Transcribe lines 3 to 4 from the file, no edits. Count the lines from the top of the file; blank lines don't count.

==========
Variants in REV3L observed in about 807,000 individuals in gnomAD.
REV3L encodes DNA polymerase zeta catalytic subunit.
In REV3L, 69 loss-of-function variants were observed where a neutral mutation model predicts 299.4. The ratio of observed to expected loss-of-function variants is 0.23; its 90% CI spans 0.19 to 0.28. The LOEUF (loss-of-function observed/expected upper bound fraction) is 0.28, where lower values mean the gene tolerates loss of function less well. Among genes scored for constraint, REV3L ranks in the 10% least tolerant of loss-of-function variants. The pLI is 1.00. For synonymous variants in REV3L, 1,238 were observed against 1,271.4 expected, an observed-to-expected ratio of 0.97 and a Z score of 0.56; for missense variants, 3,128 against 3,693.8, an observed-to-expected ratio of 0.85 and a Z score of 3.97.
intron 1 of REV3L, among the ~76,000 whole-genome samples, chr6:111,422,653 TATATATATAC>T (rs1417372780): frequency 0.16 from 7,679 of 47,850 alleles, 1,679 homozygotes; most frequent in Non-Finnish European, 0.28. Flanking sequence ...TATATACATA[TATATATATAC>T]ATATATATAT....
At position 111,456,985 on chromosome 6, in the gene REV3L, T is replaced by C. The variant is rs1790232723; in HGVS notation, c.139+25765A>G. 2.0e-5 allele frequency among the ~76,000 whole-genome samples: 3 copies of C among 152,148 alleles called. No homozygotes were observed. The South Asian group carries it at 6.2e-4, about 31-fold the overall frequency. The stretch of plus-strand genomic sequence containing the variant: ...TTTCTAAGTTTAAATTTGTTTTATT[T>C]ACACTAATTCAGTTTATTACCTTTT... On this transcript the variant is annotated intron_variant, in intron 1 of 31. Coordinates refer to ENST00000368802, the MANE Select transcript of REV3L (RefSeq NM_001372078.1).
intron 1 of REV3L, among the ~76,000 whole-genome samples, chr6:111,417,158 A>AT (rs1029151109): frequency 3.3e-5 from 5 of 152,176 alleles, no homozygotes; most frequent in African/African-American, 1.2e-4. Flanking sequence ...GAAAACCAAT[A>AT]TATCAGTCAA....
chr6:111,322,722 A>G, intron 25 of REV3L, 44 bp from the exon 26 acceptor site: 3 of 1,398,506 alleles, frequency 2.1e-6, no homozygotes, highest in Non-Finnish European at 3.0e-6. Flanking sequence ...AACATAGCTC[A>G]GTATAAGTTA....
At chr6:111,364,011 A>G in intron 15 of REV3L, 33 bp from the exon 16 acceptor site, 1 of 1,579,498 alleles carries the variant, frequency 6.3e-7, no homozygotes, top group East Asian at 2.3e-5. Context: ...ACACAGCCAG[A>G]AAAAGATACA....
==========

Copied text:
In REV3L, 69 loss-of-function variants were observed where a neutral mutation model predicts 299.4. The ratio of observed to expected loss-of-function variants is 0.23; its 90% CI spans 0.19 to 0.28. The LOEUF (loss-of-function observed/expected upper bound fraction) is 0.28, where lower values mean the gene tolerates loss of function less well. Among genes scored for constraint, REV3L ranks in the 10% least tolerant of loss-of-function variants. The pLI is 1.00. For synonymous variants in REV3L, 1,238 were observed against 1,271.4 expected, an observed-to-expected ratio of 0.97 and a Z score of 0.56; for missense variants, 3,128 against 3,693.8, an observed-to-expected ratio of 0.85 and a Z score of 3.97.
intron 1 of REV3L, among the ~76,000 whole-genome samples, chr6:111,422,653 TATATATATAC>T (rs1417372780): frequency 0.16 from 7,679 of 47,850 alleles, 1,679 homozygotes; most frequent in Non-Finnish European, 0.28. Flanking sequence ...TATATACATA[TATATATATAC>T]ATATATATAT....